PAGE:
Archive for July, 2011

Movie review: No Dinosaurs in Heaven

Sunday, July 31st, 2011

A documentary focusing on the controversy between evolution and creationism is currently touring the country. On Aug. 28 the Tallahassee Scientific Society will screen No Dinosaurs in Heaven at the Challenger Learning Center IMAX Theatre. Dr. Eugenie Scott from the National Center for Science Education is expected to be in attendance.

I saw the film a few months ago courtesy of Jezebel Productions. I then re-watched it recently to refresh my memory and revise my notes. Below is my review. Feel free to use the comments to chime in with your opinions.
No Dinosaurs in Heaven
New York: Jezebel Productions, 2011. 53 minutes
written, produced, and directed by Greta Schiller

Award-winning director Greta Schiller’s newest documentary No Dinosaurs in Heaven addresses concerns about who is teaching students what in classrooms across America—a cultural conflict that has been flaring up off and on for decades. The film’s central question asks: What can be done about teachers who teach biology or other related life sciences and yet don’t accept the central tenet of the field, evolution?

Schiller explains early in the film that she had recently returned to school to earn a master’s degree in science education. While taking a graduate course in biology, she was shocked to discover that the adjunct professor did not accept evolution. This motivated Schiller to pick up the camera once again to film this documentary.

Schiller takes viewers through two sometimes intermingling storylines. In one, Schiller and her crew travel on a rafting trip through the Grand Canyon hosted by the National Center for Science Education (NCSE). This is an annual excursion that takes participants on a journey through geological time as the hosts present both the modern scientific and Christian fundamentalist creationist explanations for how this natural wonder was formed.

The other storyline featured Schiller’s former City College of New York biology professor, Femi Otulaja, and a few of Schiller’s classmates from that class. Through interviews Schiller gives viewers a sense of the classmates’ varying impressions of what had happened in the classroom. Otulaja was also given a good amount of screen time to explain his beliefs and approach to teaching biology and evolution.

Mixed in at key points of the film were short interviews with public school students and their teacher and parents while exploring the American Museum of Natural History, clips from an Answers in Genesis presentation featuring famous creationist Ken Ham, and a talk by NCSE’s executive director Eugenie C. Scott at a National Science Teachers Association conference.

The Grand Canyon trip yielded spectacular images and interesting information about geology and creationist beliefs. However, the trip participants were much more important to Schiller’s film’s central question than the scenery. One-on-one interviews and candid group conversations were the meat of this storyline. Geologists, a high school biology teacher, a minister, and even an editor of Nature magazine all offered insights into the teaching of evolution.

Unfortunately, those pieces that were so important to the film were nearly lost under a flood—excuse the pun—of field lectures about creationist beliefs. The creationist explanations and accompanying scientific geology information were certainly interesting, but at the same time they softened the film’s focus too much. If their inclusion was meant to bolster Schiller’s more general theme of scientific literacy, they failed. While there are people who use the creationist arguments presented here, the much more prominent anti-evolution activists nowadays go to great lengths to distance themselves from the nonsense of Biblical flood geology. All such proponents have to do is say they don’t advocate for this creationist view in order to dismiss the entirety of the film as irrelevant.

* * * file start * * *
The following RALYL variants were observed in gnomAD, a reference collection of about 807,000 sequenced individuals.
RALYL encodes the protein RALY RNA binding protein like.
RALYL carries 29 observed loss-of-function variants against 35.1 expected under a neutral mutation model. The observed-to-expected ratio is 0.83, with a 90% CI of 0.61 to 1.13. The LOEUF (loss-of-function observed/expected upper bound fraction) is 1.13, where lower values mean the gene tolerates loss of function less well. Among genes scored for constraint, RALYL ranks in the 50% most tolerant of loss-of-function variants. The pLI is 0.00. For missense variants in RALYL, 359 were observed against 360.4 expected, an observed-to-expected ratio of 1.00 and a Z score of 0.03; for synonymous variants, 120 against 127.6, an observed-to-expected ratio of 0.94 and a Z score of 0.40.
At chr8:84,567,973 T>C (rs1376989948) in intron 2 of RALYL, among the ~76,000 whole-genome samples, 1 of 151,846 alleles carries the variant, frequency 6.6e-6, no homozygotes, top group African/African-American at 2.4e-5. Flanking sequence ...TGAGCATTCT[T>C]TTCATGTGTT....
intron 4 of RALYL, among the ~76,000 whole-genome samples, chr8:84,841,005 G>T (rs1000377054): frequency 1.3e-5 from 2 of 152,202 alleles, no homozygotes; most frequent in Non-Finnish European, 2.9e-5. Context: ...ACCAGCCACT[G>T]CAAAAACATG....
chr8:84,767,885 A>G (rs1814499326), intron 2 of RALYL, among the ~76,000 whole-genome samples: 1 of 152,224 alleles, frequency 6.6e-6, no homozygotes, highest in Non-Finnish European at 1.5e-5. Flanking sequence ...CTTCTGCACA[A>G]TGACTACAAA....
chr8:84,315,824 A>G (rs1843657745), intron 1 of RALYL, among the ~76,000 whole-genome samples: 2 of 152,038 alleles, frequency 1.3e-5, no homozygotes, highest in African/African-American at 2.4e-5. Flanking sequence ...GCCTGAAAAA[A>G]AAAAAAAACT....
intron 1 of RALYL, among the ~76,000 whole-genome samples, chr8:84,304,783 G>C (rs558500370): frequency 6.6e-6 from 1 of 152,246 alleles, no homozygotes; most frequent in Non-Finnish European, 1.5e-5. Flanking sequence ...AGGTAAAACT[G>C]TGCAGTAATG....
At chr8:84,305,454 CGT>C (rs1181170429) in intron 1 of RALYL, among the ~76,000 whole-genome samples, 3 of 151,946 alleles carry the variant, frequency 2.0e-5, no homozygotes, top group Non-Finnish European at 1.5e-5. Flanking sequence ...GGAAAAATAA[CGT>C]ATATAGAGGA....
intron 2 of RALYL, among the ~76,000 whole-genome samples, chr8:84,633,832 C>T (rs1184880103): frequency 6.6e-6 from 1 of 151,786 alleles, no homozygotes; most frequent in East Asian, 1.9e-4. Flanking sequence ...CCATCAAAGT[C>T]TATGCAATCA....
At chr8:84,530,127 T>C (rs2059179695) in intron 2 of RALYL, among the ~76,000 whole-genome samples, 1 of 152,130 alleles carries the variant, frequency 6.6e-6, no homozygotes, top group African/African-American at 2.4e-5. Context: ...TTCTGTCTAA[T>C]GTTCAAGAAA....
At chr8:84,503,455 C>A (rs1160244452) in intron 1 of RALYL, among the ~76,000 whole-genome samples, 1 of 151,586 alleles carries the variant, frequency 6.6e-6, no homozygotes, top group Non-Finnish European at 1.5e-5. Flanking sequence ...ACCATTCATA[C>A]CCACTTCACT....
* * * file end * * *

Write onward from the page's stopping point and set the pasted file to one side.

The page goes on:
The college professor storyline provided a fascinating look into how a teacher with strong religious convictions tried to reconcile them with a profession that can run counter to those beliefs. Oftentimes, it looked like Otulaja was uncomfortable in front of the camera. He tended to stumble through his explanations, but that in itself offered an insight into the inner workings of his mind. It appeared that he was trying to balance being true to himself with defending himself against accusations raised by his students while also wanting to look reasonable and fair. These conflicting objectives were clear in his mixing up of words and his look of confidence one moment and look of insecurity the next.

Schiller did a good job of including a variety of student voices in this storyline. Some clearly thought that Otulaja had done something wrong. Others gave him the benefit of the doubt and weren’t quite sure what the fuss was all about.

The big flaw in this storyline, though, was Schiller’s deep personal involvement. Her voiceover narrative gave the distinct impression that she had a vendetta against Otulaja. The film edged dangerously close to looking like a “hit piece” aimed right at her old professor. To avoid this, she could have taken a wider view of the situation by including mentions of cases similar to Otulaja’s. There are plenty of studies, statistics, newspaper headlines, and court cases related to this type of situation.